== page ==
Industry raises doubts over Labour's PFI plans

No Brexit vote at Labour conference is GOOD for democracy, claims Emily Thornberry

Industry raises doubts over Labour's PFI plans

The party's plan to end austerity, nationalise industries and borrow to invest in public services captured the imagination of voters and reduced May to a minority government. They did not give an estimated cost for the policy.

"The shadow chancellor's suggestion of nationalising the construction industry is potentially a commitment to further wholesale inefficiencies unless it is also proposing a "root and branch" modernisation of the basic construction delivery model, which it appears is not the case".

Asked whether he had got to grips with a series of anti-Semitism controversies that have dogged Labour under his two-year leadership of the party, Mr Corbyn said: "We're a party that is active in all parts of the country and all communities". PFI contracts use private funding to pay for big infrastructure projects like building hospitals or schools as a way of keeping debts off the government's balance sheet.

Meanwhile the FCA confirmed in July it was maintaining a cap on the fees charged on high-cost short-term credit - or "payday loans" - after finding the cap had benefited consumers.

Business was critical of the approach.

She warned that a "nationalisation agenda" with doubts over whether there would be a "market rate" paid, state interventions on wage levels and rising corporation tax would all have a "chilling effect" on investment.

But these huge costs have since been widely blamed for contributing to financial problems in the local NHS.

Jeremy Newark, JLM's chair, told Sky News: "They allowed their meeting to become an arena for what effectively mounts to a call for Jews and Jewish groups to be purged from the party".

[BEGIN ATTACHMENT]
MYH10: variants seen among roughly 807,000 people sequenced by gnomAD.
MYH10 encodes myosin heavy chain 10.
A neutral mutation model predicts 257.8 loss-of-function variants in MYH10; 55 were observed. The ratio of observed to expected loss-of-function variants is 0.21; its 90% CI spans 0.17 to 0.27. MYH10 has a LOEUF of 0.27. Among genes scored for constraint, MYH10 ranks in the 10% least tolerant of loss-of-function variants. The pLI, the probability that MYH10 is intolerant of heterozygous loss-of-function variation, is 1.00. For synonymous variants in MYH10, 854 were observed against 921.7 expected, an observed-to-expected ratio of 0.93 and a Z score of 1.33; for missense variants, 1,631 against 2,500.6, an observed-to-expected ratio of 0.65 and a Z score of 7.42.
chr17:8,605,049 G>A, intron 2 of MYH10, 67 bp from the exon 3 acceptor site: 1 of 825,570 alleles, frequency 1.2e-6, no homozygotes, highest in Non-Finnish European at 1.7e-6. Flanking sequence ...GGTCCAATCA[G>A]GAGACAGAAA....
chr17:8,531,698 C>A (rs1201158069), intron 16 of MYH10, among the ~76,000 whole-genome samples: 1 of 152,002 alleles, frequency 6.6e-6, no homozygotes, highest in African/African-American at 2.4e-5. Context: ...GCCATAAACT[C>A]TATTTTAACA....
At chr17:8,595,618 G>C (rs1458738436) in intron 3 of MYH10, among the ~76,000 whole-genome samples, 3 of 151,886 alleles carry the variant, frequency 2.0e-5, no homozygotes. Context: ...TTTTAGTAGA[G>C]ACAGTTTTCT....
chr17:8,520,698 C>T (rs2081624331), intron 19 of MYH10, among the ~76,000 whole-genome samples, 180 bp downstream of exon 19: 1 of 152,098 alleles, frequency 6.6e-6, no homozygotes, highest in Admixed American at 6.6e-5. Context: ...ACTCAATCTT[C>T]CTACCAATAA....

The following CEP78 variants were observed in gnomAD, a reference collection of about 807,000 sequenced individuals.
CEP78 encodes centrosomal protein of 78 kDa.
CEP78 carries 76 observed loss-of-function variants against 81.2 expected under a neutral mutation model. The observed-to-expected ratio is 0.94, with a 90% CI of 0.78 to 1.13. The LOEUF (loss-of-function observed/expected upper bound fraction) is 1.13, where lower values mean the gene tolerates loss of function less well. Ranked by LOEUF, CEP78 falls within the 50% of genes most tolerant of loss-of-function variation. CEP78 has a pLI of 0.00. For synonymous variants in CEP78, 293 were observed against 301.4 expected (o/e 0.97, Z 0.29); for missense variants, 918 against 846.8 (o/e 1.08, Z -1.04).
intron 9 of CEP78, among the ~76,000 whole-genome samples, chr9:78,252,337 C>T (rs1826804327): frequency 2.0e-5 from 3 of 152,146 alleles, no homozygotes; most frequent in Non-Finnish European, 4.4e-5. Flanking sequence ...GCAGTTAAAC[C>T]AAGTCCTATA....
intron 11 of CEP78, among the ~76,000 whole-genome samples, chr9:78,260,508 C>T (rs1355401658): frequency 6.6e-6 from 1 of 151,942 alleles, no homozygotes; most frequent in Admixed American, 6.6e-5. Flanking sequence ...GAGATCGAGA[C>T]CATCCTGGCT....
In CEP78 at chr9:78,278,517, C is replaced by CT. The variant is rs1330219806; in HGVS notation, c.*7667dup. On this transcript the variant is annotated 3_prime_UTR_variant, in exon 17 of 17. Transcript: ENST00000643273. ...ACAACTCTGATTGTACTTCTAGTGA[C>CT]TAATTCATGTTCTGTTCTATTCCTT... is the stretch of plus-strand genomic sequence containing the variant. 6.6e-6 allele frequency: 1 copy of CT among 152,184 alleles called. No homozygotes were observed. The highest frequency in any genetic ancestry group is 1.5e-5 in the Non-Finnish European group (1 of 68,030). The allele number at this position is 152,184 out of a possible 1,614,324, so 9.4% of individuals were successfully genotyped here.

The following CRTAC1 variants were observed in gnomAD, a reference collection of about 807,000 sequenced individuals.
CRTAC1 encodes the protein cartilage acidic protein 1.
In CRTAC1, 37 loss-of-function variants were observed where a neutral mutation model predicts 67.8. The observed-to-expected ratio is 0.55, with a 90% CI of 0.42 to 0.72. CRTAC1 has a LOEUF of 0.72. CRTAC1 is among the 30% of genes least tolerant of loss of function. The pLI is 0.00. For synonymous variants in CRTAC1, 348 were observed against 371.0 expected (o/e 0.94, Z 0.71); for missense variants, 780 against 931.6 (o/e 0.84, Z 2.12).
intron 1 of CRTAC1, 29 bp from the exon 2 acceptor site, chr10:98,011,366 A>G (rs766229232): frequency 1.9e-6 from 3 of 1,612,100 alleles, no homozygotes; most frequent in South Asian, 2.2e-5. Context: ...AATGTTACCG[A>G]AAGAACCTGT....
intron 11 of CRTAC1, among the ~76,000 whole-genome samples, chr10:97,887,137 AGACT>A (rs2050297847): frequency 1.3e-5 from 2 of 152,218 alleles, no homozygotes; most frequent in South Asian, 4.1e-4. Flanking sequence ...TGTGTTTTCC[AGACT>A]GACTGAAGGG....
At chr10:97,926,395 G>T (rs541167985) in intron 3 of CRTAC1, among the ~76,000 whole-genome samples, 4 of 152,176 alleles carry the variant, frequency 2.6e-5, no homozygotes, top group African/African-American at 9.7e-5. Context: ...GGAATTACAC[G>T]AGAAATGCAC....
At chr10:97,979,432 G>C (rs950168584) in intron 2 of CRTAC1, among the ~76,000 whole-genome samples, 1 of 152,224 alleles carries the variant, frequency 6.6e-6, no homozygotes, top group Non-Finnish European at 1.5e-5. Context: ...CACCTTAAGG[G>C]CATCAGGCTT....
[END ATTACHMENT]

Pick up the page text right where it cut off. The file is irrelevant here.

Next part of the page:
Labour gained 30 seats in June's general election, helping deprive the Conservatives of a majority, and the party says it is preparing for another snap poll.

John McDonnell will announce plans on Monday for a cap on interest payments, protecting those trapped in a spiral of credit card debt.

The regulator was so anxious that in April it proposed new regulations to force companies to stop persistent debt spiralling.

"It means that no-one will ever pay more in interest than their original loan", McDonnell said. "They pay about £2.50 in interest and charges for every £1 borrowed", said the FCA, according to The Guardian.

McDonnell, who once listed "generally fomenting the overthrow of capitalism" among his interests in the Who's Who directory of influential people, also took aim at the wealthy, bankers and large corporations.

Chief secretary to the treasury, Liz Truss, said that Mr McDonnell's plans would add billions of pounds to the £253 billion of spending promises already racked up by Labour since the launch of its manifesto.

While the Tories remain stuck in the language and values of the Victorian era, we are determined that Britain embraces the possibilities of technological change - scary though they may be.

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